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Statistical modelling and variability of the subtropical front, New Zealand

Statistical modelling and variability of the subtropical front, New Zealand
Statistical modelling and variability of the subtropical front, New Zealand
Ocean fronts are narrow zones of intense dynamic activity that play an important role in global ocean-atmosphere interactions. Of particular significance is the circumglobal frontal system of the Southern Ocean where intermediate water masses are formed, heat, salt, nutrients and momentum are redistributed and carbon dioxide is absorbed. The northern limit of this frontal band is marked by the Subtropical Front, where subtropical gyre water convergences with colder subantarctic water. Owing to their highly variable nature, both in space and time, ocean fronts are notoriously difficult features to adequately sample using traditional in-situ techniques. We therefore propose a new and innovative statistical modelling approach to detecting and monitoring ocean fronts from AVHRR SST images. Weighted local likelihood is used to provide a nonparametric description of spatial variations in the position and strength of individual fronts within an image. Although we use the new algorithm on AVHRR data it is suitable for other satellite data or model output. The algorithm is used to study the spatial and temporal variability of a localized section of the Subtropical Front past New Zealand, known locally as the Southland Front. Twenty-one years (January 1985 to December 2005) of estimates of the front’s position, temperature and strength are examined using cross correlation and wavelet analysis to investigate the role that remote atmospheric and oceanic forcing relating to the El Nino-Southern Oscillation may play in interannual frontal variability. Cold (warm) anomalies are observed at the Southland Front three to four months after peak El Nino (La Nina) events. The gradient of the front changes one to two seasons in advance of extreme ENSO events suggesting that it may be used as a precursor to changes in the Southern Oscillation. There are strong seasonal dependencies to the correlation between ENSO indices and frontal characteristics. In addition, the frequency and phase relationships are inconsistent indicating that no one physical mechanism or mode of climate variability is responsible for the teleconnection.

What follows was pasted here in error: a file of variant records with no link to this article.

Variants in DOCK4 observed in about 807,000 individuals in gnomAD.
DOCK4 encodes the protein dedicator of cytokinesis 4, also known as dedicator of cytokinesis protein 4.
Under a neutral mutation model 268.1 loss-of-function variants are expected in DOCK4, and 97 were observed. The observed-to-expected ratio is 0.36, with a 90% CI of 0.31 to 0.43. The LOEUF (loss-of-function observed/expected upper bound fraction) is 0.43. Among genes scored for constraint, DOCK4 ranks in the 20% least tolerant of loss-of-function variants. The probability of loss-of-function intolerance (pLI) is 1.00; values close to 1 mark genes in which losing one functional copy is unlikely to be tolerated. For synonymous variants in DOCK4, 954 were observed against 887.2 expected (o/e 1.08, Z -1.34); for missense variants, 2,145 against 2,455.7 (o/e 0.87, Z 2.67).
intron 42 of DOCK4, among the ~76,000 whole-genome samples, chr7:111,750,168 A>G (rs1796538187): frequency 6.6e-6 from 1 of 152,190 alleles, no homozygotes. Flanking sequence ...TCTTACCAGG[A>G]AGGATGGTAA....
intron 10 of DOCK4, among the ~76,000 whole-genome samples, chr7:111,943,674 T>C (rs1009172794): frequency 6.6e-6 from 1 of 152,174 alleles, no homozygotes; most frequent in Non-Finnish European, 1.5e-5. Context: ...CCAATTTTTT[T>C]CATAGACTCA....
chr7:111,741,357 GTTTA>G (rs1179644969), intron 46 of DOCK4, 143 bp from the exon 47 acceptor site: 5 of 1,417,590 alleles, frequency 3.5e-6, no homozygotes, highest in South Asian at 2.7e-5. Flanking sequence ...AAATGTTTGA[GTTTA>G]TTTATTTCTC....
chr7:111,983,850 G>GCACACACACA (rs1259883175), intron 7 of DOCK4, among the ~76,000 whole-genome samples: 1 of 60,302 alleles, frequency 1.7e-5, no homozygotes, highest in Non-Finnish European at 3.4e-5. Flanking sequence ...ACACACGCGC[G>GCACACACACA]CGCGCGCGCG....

Hopkins, Joanne E.
5de753a2-d2c3-4e9d-b305-52f22d5bd54c
Hopkins, Joanne E.
5de753a2-d2c3-4e9d-b305-52f22d5bd54c
Challenor, Peter
a7e71e56-8391-442c-b140-6e4b90c33547
Shaw, Andrew
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Hopkins, Joanne E. (2008) Statistical modelling and variability of the subtropical front, New Zealand. University of Southampton, School of Ocean and Earth Science, Doctoral Thesis, 208pp.

Record type: Thesis (Doctoral)

Abstract

Ocean fronts are narrow zones of intense dynamic activity that play an important role in global ocean-atmosphere interactions. Of particular significance is the circumglobal frontal system of the Southern Ocean where intermediate water masses are formed, heat, salt, nutrients and momentum are redistributed and carbon dioxide is absorbed. The northern limit of this frontal band is marked by the Subtropical Front, where subtropical gyre water convergences with colder subantarctic water. Owing to their highly variable nature, both in space and time, ocean fronts are notoriously difficult features to adequately sample using traditional in-situ techniques. We therefore propose a new and innovative statistical modelling approach to detecting and monitoring ocean fronts from AVHRR SST images. Weighted local likelihood is used to provide a nonparametric description of spatial variations in the position and strength of individual fronts within an image. Although we use the new algorithm on AVHRR data it is suitable for other satellite data or model output. The algorithm is used to study the spatial and temporal variability of a localized section of the Subtropical Front past New Zealand, known locally as the Southland Front. Twenty-one years (January 1985 to December 2005) of estimates of the front’s position, temperature and strength are examined using cross correlation and wavelet analysis to investigate the role that remote atmospheric and oceanic forcing relating to the El Nino-Southern Oscillation may play in interannual frontal variability. Cold (warm) anomalies are observed at the Southland Front three to four months after peak El Nino (La Nina) events. The gradient of the front changes one to two seasons in advance of extreme ENSO events suggesting that it may be used as a precursor to changes in the Southern Oscillation. There are strong seasonal dependencies to the correlation between ENSO indices and frontal characteristics. In addition, the frequency and phase relationships are inconsistent indicating that no one physical mechanism or mode of climate variability is responsible for the teleconnection.

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Published date: August 2008
Organisations: University of Southampton

Identifiers

Local EPrints ID: 63759
URI: http://eprints.soton.ac.uk/id/eprint/63759
PURE UUID: fd7b94ed-eb82-4973-b1aa-20d405e448ac

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Date deposited: 29 Oct 2008
Last modified: 13 Mar 2019 20:23

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